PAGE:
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Centrelink rejects bushfire victims over outdated maps

A picture of a bushfire relief centre sign, as well as a Centrelink sign and Governnment Minister Stuart Roberts.
Centrelink has denied payments to some bushfire victims due to outdated maps. (Source: AAP, Getty)

Bushfire victims have been denied emergency relief payments because Centrelink is reportedly using outdated maps.

A number of residents around NSW’s south coast town of Mogo came forward saying their application for the $1,000 tax-free disaster recovery payments were rejected because of old maps used by Centrelink that did not include their area as officially bushfire-affected.

The mishap was discovered by the local community which has been attempting to access payments since the New Years’ Eve fires.

To qualify for payment – $1,000 for an adult and $400 for a child – a home has to be destroyed, badly damaged, or contaminated.

Mogo resident Melinda Evans’ property has been smashed by the fires and her home is full of ash, including inside her son’s bedroom.

“We're not in the area according to Centrelink. They're looking at their own map but if you look around here you can tell we're in the thick of it,” Evans told 9News.

“It's hard. A measly $1,000 would mean the world to us. It would mean the world,” she said.

Some workers have also been denied payments even though their hours were cut due to fire danger, power outages, road closures and evacuations, according to media reports.

The government has made over $34 million in emergency payments and allowances on nearly 29,000 claims.

Government Services Minister Stuart Robert wouldn’t say how many people had been knocked back, but said some individual cases would be rectified.

According to a Department of Home Affairs spokesperson, people needed to provide detailed information about how their employers were impacted by the fires.

"We encourage them to contact us to discuss their circumstances in detail," the spokesperson said in a statement.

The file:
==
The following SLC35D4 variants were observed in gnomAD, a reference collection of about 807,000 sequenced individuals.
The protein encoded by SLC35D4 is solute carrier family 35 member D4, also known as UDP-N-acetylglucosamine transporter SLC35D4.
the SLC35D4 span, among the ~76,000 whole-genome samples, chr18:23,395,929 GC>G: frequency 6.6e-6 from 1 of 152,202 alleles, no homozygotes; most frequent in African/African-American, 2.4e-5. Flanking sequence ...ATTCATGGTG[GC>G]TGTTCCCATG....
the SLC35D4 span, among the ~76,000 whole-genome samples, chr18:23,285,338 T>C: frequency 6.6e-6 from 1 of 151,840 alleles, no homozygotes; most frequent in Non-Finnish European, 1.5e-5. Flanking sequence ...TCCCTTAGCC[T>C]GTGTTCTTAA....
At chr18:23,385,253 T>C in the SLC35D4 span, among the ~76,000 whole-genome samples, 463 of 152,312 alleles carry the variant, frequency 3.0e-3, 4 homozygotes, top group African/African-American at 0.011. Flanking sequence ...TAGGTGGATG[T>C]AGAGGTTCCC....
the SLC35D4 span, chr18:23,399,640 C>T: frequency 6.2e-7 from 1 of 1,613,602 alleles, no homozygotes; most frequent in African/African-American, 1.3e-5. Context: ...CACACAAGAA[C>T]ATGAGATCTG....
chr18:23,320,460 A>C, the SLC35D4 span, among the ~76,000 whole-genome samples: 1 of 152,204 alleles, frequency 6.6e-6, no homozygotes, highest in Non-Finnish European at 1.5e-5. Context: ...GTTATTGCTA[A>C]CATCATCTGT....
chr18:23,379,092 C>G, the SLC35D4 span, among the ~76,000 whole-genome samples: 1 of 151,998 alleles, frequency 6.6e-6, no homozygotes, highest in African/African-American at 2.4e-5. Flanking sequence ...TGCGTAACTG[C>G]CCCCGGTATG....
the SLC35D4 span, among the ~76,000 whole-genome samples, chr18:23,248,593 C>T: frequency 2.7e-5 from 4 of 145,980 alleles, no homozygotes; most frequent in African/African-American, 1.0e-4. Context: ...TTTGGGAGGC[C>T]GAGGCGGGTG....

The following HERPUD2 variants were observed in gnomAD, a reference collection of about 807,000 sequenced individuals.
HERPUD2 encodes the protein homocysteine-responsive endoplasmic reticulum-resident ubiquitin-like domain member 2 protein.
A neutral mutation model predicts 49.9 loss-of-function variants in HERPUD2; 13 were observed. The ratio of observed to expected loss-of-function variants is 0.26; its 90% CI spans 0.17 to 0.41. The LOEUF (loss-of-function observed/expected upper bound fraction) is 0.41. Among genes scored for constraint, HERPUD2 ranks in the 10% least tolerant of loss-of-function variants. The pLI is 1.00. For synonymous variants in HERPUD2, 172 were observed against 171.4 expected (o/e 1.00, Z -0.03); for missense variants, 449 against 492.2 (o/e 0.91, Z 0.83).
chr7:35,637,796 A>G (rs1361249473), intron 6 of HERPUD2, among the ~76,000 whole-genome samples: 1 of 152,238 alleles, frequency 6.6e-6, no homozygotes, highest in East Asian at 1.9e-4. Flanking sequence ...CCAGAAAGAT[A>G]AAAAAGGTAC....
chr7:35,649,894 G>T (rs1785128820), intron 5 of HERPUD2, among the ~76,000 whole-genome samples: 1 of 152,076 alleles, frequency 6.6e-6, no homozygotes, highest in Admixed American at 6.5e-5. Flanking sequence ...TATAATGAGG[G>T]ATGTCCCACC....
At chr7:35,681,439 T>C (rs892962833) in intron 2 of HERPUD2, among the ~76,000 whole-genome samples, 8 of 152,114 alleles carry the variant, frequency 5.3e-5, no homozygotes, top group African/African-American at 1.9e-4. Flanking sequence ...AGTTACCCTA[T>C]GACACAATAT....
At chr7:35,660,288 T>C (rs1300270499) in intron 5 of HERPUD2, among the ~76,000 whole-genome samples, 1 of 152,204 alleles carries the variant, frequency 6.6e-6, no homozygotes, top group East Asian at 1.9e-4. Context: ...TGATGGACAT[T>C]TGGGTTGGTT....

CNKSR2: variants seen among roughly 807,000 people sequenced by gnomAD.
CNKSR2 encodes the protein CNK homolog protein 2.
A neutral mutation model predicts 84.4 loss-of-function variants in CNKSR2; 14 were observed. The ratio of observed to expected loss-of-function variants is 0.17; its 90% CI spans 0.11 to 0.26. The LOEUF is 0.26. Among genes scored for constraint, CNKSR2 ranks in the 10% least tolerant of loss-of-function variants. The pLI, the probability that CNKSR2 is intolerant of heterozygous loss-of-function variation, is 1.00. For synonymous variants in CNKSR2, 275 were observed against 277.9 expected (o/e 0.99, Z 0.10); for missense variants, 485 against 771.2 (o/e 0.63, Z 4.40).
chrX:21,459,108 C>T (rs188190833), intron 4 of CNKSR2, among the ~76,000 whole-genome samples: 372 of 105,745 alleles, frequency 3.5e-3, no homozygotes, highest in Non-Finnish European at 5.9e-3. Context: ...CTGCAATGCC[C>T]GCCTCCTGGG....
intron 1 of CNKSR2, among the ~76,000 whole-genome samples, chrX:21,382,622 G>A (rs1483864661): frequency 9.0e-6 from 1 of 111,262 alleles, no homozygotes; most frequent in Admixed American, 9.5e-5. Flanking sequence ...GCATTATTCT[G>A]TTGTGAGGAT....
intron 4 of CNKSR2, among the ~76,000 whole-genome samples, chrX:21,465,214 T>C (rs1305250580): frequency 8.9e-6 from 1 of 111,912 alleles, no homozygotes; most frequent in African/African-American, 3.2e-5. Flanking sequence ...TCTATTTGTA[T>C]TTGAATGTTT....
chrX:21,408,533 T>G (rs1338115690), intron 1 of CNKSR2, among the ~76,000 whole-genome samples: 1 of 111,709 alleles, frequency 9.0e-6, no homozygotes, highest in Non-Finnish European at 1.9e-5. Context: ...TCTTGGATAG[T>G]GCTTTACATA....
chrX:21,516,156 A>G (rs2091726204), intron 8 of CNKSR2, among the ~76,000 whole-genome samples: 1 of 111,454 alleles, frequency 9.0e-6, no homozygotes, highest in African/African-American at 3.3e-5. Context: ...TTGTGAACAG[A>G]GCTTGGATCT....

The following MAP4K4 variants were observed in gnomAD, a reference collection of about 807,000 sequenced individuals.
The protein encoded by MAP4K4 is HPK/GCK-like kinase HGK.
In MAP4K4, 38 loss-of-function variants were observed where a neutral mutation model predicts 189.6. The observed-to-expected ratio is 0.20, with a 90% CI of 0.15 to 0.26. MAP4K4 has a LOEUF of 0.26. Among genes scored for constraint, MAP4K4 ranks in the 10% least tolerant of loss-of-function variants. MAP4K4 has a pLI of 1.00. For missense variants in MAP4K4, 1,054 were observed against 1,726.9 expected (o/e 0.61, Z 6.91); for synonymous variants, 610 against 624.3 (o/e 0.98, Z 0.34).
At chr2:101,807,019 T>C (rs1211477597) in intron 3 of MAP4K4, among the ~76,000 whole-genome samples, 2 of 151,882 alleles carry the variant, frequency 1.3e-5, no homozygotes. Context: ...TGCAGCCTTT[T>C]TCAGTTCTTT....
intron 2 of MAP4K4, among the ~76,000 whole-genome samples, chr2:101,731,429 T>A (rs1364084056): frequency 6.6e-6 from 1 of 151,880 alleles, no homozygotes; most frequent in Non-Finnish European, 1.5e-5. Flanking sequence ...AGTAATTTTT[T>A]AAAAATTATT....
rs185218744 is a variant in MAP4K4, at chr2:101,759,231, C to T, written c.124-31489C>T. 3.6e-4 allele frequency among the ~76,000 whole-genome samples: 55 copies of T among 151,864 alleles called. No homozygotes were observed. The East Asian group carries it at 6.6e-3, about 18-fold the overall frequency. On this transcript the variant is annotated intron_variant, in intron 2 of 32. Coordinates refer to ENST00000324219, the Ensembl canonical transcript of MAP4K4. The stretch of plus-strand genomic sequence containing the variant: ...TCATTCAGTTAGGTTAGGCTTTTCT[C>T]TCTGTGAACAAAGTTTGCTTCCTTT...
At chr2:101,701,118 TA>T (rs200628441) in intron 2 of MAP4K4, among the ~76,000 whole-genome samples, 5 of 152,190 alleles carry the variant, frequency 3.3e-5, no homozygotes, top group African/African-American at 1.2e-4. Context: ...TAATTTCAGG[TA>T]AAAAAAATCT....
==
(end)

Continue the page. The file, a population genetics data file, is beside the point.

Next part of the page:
However, Centrelink has come under fire recently for telling stranded residents to just “let us know” if they are in bushfire-affected areas.

Welfare recipients have been left unable to use the cashless debit card, the Indue card, due to the power outages from the bushfires meaning eftpos machines aren’t working.

“Can anyone with a voice please ask...how someone on the Indue cashless welfare card can eat and feed their family when the power is down due to fires? Are they just expected to die?” tweeted one social media user.

The government said it had deployed Mobile Service Centres to the NSW south coast and Victoria’s East Gippsland, but there is no mention of Mobile Service teams to South Australia, West Australia or Queensland.

Update: 5:31pm

‘Not all staff will have the benefit of local knowledge’: Department of Human Services apologises

DHS general manager Hank Jongen said that Evans has since had their emergency relief applications approved and “sincerely apologises for the delay” and “to anyone who has been given correct information”.

“As part of our community recovery response, staff all around the country have put their hands up to help and they rely on a range of mapping tools to do this. Not all staff will have the benefit of local knowledge of affected areas,” Jongen told Yahoo Finance.

“The last thing any of our staff want is to cause further distress to people affected by these devastating fires – they just want to help.”

“We’d like to assure people that if you are in a declared local government area and meet the eligibility criteria you will receive assistance.

“If anyone from a declared LGA has questions about their eligibility please call 180 22 66. This line is open this weekend from 8am to 5pm local time.”

–with AAP

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